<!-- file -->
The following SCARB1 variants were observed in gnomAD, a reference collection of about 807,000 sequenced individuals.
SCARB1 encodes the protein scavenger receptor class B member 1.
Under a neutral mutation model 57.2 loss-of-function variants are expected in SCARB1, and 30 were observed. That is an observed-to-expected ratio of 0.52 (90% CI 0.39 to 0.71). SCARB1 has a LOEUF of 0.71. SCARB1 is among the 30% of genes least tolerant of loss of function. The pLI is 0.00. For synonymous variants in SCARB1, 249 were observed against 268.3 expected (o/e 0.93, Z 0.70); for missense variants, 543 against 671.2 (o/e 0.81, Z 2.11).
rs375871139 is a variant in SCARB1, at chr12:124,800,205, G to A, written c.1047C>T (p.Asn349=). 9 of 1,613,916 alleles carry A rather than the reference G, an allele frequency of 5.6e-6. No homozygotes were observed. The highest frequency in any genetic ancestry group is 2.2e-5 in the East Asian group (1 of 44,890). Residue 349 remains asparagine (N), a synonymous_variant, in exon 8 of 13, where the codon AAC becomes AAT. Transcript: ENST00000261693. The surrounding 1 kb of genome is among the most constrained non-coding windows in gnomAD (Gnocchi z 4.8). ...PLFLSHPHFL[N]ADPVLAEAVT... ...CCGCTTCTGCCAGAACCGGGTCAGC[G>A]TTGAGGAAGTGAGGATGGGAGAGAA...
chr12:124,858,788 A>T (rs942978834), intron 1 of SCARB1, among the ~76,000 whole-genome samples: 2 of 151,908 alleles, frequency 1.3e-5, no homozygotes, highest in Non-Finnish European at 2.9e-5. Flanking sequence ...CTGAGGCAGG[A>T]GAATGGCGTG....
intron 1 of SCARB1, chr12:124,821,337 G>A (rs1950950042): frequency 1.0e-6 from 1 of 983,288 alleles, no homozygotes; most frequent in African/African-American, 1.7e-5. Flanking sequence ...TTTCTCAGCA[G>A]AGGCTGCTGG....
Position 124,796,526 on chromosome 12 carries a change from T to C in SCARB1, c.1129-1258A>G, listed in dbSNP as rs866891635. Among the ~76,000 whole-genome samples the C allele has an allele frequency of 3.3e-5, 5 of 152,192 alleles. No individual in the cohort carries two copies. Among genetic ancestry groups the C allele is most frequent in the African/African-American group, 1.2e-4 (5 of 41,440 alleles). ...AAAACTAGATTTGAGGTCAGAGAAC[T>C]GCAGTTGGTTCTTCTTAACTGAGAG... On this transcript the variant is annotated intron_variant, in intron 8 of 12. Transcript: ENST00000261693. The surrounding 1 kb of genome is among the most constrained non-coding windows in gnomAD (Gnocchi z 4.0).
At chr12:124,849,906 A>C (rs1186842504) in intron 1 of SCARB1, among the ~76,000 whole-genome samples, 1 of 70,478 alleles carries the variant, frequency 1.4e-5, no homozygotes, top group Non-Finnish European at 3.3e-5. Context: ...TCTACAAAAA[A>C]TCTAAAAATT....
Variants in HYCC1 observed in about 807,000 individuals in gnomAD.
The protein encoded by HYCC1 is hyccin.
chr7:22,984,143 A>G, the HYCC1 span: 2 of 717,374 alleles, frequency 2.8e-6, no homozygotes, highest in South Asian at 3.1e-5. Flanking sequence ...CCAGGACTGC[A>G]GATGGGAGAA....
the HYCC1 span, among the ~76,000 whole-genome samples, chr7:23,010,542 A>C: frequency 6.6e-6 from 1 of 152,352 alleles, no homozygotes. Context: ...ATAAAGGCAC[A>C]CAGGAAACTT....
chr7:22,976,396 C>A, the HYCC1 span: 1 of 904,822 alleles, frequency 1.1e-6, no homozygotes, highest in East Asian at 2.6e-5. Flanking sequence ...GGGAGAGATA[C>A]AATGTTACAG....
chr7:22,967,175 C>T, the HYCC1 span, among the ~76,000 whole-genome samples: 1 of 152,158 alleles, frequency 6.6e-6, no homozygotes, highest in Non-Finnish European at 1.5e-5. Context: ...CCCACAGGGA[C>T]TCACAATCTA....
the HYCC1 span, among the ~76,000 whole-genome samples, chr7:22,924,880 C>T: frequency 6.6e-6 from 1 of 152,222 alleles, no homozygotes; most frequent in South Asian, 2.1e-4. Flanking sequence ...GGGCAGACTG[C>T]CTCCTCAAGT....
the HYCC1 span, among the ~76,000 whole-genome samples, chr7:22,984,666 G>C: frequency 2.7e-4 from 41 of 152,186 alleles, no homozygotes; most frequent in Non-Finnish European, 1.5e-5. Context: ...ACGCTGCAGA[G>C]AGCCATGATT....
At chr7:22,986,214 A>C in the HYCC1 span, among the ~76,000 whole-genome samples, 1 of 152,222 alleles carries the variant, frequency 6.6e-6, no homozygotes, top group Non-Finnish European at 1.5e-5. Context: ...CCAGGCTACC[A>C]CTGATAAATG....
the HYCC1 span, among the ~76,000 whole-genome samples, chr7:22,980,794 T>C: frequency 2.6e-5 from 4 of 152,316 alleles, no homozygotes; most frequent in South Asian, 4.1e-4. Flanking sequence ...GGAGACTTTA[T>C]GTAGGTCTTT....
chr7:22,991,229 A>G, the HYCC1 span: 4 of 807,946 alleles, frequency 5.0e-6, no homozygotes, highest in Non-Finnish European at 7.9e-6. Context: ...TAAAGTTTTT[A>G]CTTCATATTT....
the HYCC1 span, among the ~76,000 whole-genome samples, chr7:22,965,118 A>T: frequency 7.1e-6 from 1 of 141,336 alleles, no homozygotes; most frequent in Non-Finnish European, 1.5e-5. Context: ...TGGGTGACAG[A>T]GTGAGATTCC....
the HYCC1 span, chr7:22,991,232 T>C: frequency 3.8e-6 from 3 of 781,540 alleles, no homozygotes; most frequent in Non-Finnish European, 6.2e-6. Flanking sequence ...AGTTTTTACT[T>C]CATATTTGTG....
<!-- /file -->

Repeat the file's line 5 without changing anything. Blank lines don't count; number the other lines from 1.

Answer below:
chr12:124,858,788 A>T (rs942978834), intron 1 of SCARB1, among the ~76,000 whole-genome samples: 2 of 151,908 alleles, frequency 1.3e-5, no homozygotes, highest in Non-Finnish European at 2.9e-5. Flanking sequence ...CTGAGGCAGG[A>T]GAATGGCGTG....